12 May 2006
Good review of Shelby Steele’s new book by Dr. Helen, a forensic psychologist and half of the weekly Glen and Helen podcast.
Dr. Helen writes:
>>>”As a way of explaining “black anger,” he describes his early years as an African American youth who wanted to be a batboy for an all-white YMCA baseball team. He was eventually rejected by the coach of the team because “no coloreds were allowed” at the park where the team played the away games.
As a psychologist who works with people with anger problems, I admire the way that Steele understands and explains his psychological response to this rejection — he understands that rather than anger to his humiliating batboy experience, he felt calm, the calm that comes from knowing at the time that racism was an “impersonal and immutable feature of the world, like snow in winter or rain in spring.”
Anger came only ten years later, after the world had changed. The change was the civil rights movement that “disciplined America using democratic principles, establishing the point that one’s race could not mitigate one’s rights as an individual.” Steele points out that the term black rage came into use after the 1964 Civil Rights Bill, not before.”
So let me get this straight…Dr. Helen regards Steele’s okey-doke shuffling in the face of blatant discrimination as “admirable.” Hmmm.
A closer look at the REAL story behind Shelby Steele is extremely informative at this point:
>>>”Political commentator and essayist Shelby Steele was born on January 1, 1946, in Chicago. His father, Shelby, Sr., a black truck driver, met his mother, Ruth, a white social worker, while working for the Congress of Racial Equality (CORE). Steele considers his mixed heritage an amazing gift that served to demystify race for him. Because both of Steele’s parents were active in the civil rights movement, he grudgingly accompanied his father to numerous marches and rallies as a child.”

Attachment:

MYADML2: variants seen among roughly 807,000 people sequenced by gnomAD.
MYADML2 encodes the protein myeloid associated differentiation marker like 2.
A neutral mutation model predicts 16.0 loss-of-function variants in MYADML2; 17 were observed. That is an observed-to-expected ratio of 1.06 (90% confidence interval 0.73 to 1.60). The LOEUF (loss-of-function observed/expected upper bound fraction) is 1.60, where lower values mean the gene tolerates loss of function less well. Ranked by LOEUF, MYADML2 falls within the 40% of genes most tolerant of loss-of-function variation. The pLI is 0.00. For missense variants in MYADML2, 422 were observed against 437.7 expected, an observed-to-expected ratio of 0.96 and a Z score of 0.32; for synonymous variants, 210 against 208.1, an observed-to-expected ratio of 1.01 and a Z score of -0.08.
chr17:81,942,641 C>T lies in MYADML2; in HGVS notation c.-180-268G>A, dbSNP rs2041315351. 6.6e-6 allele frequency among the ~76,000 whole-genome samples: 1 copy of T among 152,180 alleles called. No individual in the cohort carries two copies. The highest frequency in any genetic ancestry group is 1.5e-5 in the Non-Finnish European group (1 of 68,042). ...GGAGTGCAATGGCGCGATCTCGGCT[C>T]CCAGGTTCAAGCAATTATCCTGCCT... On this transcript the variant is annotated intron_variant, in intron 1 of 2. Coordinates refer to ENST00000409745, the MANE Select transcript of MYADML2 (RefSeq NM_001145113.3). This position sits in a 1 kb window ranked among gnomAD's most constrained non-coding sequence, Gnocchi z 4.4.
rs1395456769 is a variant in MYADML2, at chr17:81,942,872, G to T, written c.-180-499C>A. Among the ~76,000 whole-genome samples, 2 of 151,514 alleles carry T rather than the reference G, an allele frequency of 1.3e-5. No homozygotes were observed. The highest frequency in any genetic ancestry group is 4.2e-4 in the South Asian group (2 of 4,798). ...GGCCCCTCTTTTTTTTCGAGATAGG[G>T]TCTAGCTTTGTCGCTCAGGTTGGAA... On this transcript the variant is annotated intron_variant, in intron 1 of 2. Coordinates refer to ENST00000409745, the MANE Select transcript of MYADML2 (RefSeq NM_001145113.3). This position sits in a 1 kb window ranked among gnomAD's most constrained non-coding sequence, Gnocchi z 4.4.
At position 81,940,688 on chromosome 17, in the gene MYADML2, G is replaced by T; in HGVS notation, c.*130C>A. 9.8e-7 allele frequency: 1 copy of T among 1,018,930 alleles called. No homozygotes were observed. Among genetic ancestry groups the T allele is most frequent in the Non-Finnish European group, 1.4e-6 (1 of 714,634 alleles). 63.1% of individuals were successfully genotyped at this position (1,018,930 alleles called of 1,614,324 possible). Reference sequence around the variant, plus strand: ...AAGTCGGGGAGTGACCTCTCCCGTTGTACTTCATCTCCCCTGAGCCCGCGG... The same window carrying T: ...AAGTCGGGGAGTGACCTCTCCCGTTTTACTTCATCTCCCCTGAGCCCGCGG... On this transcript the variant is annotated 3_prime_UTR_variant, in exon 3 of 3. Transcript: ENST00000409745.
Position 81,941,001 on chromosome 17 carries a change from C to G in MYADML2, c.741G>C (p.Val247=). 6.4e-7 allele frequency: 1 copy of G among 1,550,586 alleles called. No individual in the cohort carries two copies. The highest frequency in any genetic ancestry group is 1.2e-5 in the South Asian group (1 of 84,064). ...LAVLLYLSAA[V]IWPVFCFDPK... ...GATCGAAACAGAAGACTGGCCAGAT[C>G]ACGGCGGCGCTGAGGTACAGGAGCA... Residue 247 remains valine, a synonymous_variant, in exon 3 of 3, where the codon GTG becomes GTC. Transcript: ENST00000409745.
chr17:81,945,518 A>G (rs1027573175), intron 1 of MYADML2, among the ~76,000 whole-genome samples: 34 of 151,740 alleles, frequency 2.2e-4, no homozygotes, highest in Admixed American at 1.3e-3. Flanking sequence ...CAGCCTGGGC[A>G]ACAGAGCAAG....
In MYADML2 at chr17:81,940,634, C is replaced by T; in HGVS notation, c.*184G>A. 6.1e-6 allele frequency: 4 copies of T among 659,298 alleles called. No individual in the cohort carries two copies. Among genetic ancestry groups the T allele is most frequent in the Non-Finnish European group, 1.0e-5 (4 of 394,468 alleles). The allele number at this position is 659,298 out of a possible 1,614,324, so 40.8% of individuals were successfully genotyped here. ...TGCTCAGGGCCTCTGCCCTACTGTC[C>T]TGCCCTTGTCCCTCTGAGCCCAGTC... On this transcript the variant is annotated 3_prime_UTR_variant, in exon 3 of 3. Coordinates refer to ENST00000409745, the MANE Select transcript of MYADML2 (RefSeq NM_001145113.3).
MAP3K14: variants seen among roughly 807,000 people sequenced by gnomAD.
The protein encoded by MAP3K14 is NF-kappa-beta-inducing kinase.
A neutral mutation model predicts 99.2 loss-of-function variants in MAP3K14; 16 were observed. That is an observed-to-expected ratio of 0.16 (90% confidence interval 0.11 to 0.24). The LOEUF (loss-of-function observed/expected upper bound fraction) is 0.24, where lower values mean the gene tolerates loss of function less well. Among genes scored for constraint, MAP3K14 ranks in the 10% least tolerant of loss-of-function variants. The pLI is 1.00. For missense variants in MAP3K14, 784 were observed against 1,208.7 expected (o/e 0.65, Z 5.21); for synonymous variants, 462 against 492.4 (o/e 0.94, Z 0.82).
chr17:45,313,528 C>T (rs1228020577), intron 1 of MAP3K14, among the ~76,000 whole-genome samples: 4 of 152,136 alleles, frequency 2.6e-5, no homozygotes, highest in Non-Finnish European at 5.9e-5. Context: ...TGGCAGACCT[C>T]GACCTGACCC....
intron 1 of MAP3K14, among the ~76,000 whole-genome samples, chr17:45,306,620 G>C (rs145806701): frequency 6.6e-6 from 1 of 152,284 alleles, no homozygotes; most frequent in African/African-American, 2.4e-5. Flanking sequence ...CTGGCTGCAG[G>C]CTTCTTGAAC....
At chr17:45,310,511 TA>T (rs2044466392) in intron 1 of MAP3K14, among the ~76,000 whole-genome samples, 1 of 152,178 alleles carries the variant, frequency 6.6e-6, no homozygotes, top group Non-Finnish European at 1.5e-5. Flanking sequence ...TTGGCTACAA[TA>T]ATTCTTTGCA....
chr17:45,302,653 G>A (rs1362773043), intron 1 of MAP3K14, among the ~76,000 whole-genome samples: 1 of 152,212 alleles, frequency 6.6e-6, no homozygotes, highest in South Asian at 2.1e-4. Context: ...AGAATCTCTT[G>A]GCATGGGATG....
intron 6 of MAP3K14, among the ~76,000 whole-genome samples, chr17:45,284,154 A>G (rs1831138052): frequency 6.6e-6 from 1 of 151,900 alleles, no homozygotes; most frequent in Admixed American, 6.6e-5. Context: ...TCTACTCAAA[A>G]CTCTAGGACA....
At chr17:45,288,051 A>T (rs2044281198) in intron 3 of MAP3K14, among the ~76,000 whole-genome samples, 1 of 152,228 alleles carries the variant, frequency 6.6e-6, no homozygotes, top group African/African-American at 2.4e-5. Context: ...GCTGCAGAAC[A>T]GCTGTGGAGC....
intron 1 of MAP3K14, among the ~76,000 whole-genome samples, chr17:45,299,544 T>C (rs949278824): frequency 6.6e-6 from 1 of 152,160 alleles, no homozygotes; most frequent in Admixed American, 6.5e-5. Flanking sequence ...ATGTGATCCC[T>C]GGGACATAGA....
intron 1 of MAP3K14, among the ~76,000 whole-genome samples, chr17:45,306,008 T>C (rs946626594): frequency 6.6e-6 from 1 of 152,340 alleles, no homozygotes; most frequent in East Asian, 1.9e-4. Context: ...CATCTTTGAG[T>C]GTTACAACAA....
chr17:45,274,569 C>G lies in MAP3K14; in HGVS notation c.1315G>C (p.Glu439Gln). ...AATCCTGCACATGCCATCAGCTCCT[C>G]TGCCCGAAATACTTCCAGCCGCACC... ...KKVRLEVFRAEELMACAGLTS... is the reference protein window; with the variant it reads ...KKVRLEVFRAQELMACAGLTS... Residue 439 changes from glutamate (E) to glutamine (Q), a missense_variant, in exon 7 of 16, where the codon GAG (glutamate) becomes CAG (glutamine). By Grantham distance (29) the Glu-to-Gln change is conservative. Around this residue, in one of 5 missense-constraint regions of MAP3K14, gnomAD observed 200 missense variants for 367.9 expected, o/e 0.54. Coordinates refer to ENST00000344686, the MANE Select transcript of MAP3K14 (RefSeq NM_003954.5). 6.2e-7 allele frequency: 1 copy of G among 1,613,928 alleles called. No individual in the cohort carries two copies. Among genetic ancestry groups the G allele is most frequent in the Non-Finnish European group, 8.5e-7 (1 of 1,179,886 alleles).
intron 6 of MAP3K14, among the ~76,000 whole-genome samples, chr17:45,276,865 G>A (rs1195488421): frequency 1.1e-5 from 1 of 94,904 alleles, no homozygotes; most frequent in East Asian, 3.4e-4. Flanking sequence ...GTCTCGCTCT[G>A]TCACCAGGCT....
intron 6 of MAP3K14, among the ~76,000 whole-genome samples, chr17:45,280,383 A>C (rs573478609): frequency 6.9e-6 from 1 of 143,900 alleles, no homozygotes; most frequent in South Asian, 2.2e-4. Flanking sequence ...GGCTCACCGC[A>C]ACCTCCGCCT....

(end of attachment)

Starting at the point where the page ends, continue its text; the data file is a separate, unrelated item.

“GRUDGINGLY?!?!” Well, that explains a few things, doesn’t it? This character not only accepted white racism and discrimination as a “natural” occurrence, but was ANGRY at his parents (who could’ve been locked up in many Southern states for their interracial marriage, not to mention Steele’s own subsequent interracial marriage) for actually trying to CHANGE THE SYSTEM TO THE BENEFIT OF ALL AMERICA.
You know, I have some basic tolerance for professional black conservatives. I really do. Everybody can use a paycheck these days in Bushamerica. But the whole story has to be put out about these book-shilling revisionists like Steele and the genesis of their anti-minority agendas.
” … he grudgingly accompanied his father to numerous marches and rallies as a child.”
The word “grudgingly” obvious refers to the fact that he was a child. I “grudgingly” took piano lessons from my father … if I had my way, I’d go out to play with the other kids.
Cobra — You seem to find much to fault Steele for “GRUDGINGLY?!?!” accompaning his father to numerous marches and rallies as a child.
What sort of world-view and interests should an eight year-old have? If he grudgingly accompanied his parents to visit the New York Stock Exchange would that somehow prove Steele was anti-capitalist?
Your characterizing his recognition of existing discrimination as “okey-doke shuffling in the face of blatant discrimination” only illustrates your own blind “black rage”. People are entitled to face the injustices of life in different ways. I happen to believe his approach is less psychologically-damaging than your apparent attitude.
Anger eats you up. It’s destructive to be angry about something you can’t change, which as a child wanting to be a batboy, Steele couldn’t. I don’t see any shuffling there, I see a maturity that I probably wouldn’t have been capable of.
I’m curious, Cobra – what constitutes an interracial marriage for a person whose father is black and whose mother is white?
>>>”The word “grudgingly” obvious refers to the fact that he was a child. I “grudgingly” took piano lessons from my father … if I had my way, I’d go out to play with the other kids.”
Equating learning how to play piano with fighting for one’s civil rights is an interesting, abeit off-key comparison, Dom, especially in light of the word “grudgingly.”
Also take into account that in his own words, his mixed heritage was “an amazing gift.” It was also a FELONY in most of the South, (miscegenation.)